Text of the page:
Perhaps the biggest challenge that the economy is suffering from lately is the emergency of price instability, with the general price levels for most commodities having risen by a significant margin over the past twelve months. Latest Year on Year inflation figures for the month of December 2017 point to a 0.49% increase in headline inflation, up from a previous level of 2.97% to close at 3.46% according to Zimstats. The subject of inflation has been a target to much speculation, with some independent researchers like Prof Steve Hanke pointing to an inflation rate as high as 348% if the Old Mutual Implied rate (OMIR) is used as a reasonable estimate of Zimbabwe’s actual rate of inflation. This article will explore the possible measures that need to be implemented if the economy is to move towards price stability as a necessary step in the whole quest to revive the country’s economic fortunes. Eliminating the forex parallel market The foreign exchange market has been characterised by a triple price mechanism with three unofficial exchange rates existing amongst the Bond notes, the US Dollar and RTGS/bank transfers. This has led to an untenable situation where foreign currency has become expensive to acquire with US dollars on the parallel market selling for as high as 40-45%. This state of affairs is largely to blame for the price instability that the economy has witnessed over the last few months, with the most notable being the madness of September 2017 when panic hit the market as people engaged in speculative purchases as they feared the return of the ghost of 2008. Because survival is key in any business, most companies pass on the exorbitant cost of acquiring foreign currency to the customer and hence the increasing price levels. Almost inevitably foreign currency has become a silent component of the country’s consumer price index and probably occupies the biggest weight. This state of affairs brings inflation headwinds and price instability. Inorder to arrest this challenge there is need for the authorities to float the bond note and or RTGS exchange rate to the US dollar. This in essence means the exchange rate will be determined by market forces of demand and supply as opposed to the fixed rate of 1:1 as recommended by the Central Bank. At the centre of such a system should be the market players who in this case are the registered commercial banks. The moment banks are allowed to be the biggest players in this market, then whatever is happening in the parallel market today will be carried out using formal channels. This eliminates the aspect of speculation which forms a big component of the parallel market rates.
Lowering the cost of fuel The price of fuel in Zimbabwe has been the subject of passionate debate as most people point to its uncompetitiveness compared to other countries in the SADC region. It is important at this occasion to highlight that the biggest factor that feeds into the price of fuel in Zimbabwe are the levies and taxes that add up to almost $0.60c per litre. This state of affairs has inescapably led to an overall increase in the general level of prices of most commodities as fuel is considered to be a baseline cost since it feeds into every facet of the economy’s cost structure. Whilst recent efforts by the government to reduce the levies and taxes by almost $0.06c are commendable, this reduction still falls short of being significant enough to cause a massive reduction in the consumer price levels for most goods and services. It is important to note that in January 2015 the government increased the levies and taxes on fuel by almost 33% from $0.35c to $0.45c. This was about the same time that the price of crude oil had fallen below $45/ barrel and ideally the customer should have enjoyed a price reduction of over 30%. What the increase in the fuel levies and duties did was to eliminate the benefit due to customers courtesy of the price reduction and the fuel prices were maintained at exorbitant prices as the increase in the duty component was almost commensurate with the decline in the crude oil prices on the world market. A massive reduction in fuel prices brings with itself an increase in consumer disposable income since fuel is a huge component of most Zimbabweans’ consumer basket. In fact there is potential for the country to realise more revenues from value added tax that accrues courtesy of the growth in consumer demand post fuel price reduction as consumers have more and more disposable income.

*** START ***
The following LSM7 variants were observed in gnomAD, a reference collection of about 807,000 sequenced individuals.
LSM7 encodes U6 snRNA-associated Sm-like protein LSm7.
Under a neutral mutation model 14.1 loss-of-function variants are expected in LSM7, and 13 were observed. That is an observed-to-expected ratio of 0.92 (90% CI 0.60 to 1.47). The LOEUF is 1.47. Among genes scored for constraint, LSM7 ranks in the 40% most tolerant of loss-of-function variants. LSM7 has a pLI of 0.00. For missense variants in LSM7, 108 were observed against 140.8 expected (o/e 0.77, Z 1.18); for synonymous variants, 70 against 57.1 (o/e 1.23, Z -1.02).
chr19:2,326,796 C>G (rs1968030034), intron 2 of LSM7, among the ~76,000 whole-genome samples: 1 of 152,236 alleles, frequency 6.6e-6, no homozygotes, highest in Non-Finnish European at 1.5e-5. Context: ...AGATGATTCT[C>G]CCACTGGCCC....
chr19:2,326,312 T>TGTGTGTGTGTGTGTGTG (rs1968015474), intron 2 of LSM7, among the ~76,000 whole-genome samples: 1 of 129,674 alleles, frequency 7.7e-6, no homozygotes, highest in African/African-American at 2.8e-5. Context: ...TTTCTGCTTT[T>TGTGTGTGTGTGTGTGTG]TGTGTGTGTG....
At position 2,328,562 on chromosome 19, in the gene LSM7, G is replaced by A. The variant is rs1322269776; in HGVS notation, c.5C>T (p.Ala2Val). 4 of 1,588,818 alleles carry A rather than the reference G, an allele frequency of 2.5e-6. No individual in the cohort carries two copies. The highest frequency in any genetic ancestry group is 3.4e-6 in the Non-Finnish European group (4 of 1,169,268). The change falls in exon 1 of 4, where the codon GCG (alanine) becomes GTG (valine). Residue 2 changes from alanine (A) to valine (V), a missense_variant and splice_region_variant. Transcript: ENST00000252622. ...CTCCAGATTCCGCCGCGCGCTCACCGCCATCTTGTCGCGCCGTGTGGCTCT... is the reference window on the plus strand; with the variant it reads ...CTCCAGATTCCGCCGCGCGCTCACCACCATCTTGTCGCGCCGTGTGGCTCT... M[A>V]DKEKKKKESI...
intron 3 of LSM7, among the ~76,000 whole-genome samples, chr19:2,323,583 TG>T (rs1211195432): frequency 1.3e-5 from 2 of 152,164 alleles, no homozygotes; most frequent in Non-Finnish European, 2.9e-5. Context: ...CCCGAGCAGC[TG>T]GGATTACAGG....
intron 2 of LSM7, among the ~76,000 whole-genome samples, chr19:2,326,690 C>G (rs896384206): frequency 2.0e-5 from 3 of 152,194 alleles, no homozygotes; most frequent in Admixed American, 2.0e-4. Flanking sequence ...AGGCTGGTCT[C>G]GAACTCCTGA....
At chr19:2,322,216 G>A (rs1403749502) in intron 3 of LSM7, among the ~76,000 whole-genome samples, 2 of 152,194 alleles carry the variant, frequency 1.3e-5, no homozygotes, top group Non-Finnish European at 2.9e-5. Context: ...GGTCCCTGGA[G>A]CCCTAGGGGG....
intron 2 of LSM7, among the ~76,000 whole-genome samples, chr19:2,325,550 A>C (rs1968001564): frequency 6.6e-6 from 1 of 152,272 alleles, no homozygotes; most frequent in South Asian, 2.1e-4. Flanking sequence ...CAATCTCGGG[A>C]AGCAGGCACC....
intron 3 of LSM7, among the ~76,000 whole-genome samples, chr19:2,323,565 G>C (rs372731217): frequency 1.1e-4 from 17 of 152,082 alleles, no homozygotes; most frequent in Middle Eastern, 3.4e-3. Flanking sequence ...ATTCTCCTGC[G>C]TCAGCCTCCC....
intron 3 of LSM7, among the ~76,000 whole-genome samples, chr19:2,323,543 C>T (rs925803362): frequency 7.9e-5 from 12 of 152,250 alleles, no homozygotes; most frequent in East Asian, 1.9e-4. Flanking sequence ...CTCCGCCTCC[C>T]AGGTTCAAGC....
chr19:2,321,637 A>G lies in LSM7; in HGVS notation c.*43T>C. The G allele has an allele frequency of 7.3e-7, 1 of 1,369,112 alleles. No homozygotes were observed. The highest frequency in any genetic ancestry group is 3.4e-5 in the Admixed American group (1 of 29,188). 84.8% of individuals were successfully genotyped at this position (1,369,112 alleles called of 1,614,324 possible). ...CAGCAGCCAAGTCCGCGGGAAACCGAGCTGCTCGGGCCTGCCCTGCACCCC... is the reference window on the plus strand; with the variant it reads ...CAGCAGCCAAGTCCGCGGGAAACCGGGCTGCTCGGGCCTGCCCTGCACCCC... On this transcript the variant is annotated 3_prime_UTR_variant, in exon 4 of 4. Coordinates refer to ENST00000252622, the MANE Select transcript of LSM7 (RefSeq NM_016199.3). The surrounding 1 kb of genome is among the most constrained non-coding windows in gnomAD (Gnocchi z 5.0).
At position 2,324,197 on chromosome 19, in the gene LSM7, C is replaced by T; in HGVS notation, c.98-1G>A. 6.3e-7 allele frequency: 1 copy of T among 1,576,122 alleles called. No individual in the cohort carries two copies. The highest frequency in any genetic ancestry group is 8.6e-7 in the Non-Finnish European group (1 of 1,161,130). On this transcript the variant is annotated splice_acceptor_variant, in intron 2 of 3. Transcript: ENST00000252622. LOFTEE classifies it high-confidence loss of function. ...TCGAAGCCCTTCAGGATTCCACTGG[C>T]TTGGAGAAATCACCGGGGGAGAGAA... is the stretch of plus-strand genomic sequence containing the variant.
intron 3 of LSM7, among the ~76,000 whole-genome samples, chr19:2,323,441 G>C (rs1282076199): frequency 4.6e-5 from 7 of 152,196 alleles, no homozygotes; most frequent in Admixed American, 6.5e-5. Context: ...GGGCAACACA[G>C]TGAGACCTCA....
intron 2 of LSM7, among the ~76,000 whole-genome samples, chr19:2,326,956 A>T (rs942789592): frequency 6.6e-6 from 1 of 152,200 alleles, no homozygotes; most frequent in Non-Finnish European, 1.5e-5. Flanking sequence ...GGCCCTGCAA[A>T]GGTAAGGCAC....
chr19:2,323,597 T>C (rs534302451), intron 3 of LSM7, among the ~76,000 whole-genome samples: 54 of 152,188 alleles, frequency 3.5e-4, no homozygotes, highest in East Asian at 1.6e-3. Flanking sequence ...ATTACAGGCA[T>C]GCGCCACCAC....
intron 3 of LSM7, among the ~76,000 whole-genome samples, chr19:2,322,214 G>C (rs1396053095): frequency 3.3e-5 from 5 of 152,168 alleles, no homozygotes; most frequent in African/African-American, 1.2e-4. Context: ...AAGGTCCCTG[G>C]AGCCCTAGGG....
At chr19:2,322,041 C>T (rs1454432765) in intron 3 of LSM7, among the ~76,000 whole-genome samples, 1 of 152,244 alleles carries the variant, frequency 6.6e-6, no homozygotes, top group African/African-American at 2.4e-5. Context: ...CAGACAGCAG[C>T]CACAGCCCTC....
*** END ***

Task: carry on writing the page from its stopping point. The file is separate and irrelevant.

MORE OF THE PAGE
Export oriented production With Zimbabwe’s capacity in mining and agriculture, price stability can also be restored on the back of an export oriented productive economy that places emphasis on the exploitation of the agriculture and mining value chain to add value to our exports and earn the country foreign currency. With this in mind, efforts can be channelled to value addition in such areas as cigarrete manufacturing and exports, cotton ginning, mealie meal production, stock feeds production, diamond cutting and polishing amongst a host of other measures to add value to our exports. The government should also move with speed to operationalize the Special Economic Zones with a specific mandate to boost the country’s export and production capacity so as to equip the economy with the much needed foreign currency that helps the market approximate to a more stable pricing regime free of foreign exchange premiums that come as a result of shortages. Import Substitution Married to an export oriented production strategy above should be a robust local production system that enables local manufacturers to produce direct substitutes to commodities and services we are currently accessing from other countries. A case in point is that of the 300MW of electricity that ZESA is currently importing from Eskom of South Africa. Local solutions can be explored around solar, wind energy and or the resuscitation of idol power stations and in the process save the country huge sums of foreign currency. Another quick win on the import substitution will be the revival of the once vibrant local textile industry which has since been taken over by cheap Chinese imports. An import substitution strategy coupled with export oriented production will reduce the country’s balance of trade and save the economy essential foreign currency. This terminates into a more stable pricing mechanism that is sustainable in the long term. Congruence between business and the government key to all the recommendations above is the goodwill that exists between business and the government. There is need for the two parties to develop a working relationship based on mutual trust. Quite notably the Confederation of Zimbabwe Industries (CZI) almost immediately responded to the government’s reduction in fuel levies by promising the public of an at least 5% decrease in prices for most basic commodities on the back of the government pronouncement on fuel. More of such is needed if the economy is to move towards price stability. In conclusion the coterie of measures recommended above have the potential to revive the economy’s fortunes and help the economy shack off a wave of price instability that has characterised the operating environment over the past few months. Let the good times roll! Cover Pic Courtesy: vectorstock.com